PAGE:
Scientists who are researching Icelandic clams state in a new report that oxygen isotopes inside the clams may prove the best source on global climate change that has been found so far.
An ancient Icelandic manuscript on display at the Culture House. Photo by Páll Stefánsson.
Moreover, the clams show that the ancient Icelandic manuscripts were quite accurate in their description of the climate while most ancient climate measurements only show the average temperature, mbl.is reports.
Isotope specialists William Patterson at the University of Saskatchewan, Saskatoon, Canada, who is the report’s main author, said in an interview with Nature News that the strength of various oxygen isotopes in the clams changes depending on the water’s temperature.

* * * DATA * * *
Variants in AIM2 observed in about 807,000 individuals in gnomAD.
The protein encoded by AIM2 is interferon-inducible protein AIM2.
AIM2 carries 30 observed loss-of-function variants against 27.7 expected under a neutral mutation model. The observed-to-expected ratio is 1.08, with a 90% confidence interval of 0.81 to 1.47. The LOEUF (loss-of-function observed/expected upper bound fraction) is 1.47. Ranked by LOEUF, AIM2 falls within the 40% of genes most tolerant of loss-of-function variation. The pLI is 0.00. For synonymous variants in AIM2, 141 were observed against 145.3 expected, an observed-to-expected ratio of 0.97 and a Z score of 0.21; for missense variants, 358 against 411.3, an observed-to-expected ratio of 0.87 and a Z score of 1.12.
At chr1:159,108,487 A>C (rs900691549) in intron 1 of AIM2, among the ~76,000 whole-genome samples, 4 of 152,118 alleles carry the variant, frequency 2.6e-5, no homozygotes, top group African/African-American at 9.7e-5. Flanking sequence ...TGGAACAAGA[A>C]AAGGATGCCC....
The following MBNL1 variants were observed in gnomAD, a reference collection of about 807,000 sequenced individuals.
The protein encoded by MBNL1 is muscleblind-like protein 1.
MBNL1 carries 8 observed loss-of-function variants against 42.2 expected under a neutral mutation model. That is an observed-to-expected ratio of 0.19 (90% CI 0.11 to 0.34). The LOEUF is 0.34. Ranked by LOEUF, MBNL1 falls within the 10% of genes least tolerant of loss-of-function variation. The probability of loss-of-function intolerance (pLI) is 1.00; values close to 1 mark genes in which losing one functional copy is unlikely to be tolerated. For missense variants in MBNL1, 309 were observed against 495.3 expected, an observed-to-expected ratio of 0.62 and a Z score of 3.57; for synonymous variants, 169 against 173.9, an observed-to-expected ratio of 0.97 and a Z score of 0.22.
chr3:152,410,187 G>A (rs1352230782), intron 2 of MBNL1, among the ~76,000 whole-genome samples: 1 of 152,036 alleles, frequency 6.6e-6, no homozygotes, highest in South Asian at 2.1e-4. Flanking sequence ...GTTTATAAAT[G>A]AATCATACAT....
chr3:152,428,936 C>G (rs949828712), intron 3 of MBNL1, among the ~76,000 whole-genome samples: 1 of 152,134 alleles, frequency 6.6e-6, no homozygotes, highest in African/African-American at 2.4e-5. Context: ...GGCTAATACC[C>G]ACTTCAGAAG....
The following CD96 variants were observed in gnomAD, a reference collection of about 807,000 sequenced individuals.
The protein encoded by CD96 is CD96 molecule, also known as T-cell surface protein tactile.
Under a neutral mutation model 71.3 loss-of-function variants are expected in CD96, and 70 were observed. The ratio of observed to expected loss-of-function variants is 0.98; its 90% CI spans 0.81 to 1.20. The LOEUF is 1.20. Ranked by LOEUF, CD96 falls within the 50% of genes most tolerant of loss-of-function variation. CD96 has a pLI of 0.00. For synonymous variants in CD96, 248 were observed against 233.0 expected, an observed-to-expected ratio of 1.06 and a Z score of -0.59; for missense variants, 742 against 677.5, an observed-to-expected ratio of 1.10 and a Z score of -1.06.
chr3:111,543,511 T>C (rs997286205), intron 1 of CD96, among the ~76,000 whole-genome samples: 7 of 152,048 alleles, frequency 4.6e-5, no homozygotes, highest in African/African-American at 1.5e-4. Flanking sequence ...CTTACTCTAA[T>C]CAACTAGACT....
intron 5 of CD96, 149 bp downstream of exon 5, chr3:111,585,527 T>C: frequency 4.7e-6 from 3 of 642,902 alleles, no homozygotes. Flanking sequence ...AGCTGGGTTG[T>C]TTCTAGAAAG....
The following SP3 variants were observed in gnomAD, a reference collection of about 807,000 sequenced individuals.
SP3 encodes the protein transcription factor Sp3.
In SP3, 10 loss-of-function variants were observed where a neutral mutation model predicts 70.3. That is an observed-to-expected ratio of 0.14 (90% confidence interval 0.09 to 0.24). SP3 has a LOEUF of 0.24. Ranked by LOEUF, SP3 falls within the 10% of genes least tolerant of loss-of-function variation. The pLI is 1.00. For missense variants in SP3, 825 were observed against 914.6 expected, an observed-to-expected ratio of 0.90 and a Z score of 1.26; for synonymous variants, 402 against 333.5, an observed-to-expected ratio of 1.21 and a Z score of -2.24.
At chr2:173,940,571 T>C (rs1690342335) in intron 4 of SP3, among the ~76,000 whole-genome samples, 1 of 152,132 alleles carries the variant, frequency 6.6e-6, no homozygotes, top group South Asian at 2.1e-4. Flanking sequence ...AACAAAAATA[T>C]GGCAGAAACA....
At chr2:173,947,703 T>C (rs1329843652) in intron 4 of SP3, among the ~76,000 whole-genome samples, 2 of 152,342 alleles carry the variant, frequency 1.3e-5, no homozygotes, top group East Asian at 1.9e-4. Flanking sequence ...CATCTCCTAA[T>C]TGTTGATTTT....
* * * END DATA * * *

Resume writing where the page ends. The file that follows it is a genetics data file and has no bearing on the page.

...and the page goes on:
The colder the water, the higher the strength level of the isotope oxygen-18, Patterson explained. The water and ocean temperature in shallow waters is in close connection with the air temperature.
Twenty-six clams that were found in sediment in an Icelandic bay were investigated. They usually live for two to nine years and the isotope percentage in each clam contains information on the situation of the environment while the clam lived.
One of Patterson’s goals was to find out whether there was some truth in ancient written sources on the weather in Iceland.
For example, Landnáma (The Book of Settlement) describes an exceptionally cold period, during which people fed on ravens and foxes and old and weak people were thrown off cliffs.
Patterson’s study of clams confirm that such a period of cold had indeed occurred, when the ocean temperature in summer only measured 5-6°C (41-43°F) compared to 7.5-9.5°C (45.5-49°F) one century earlier.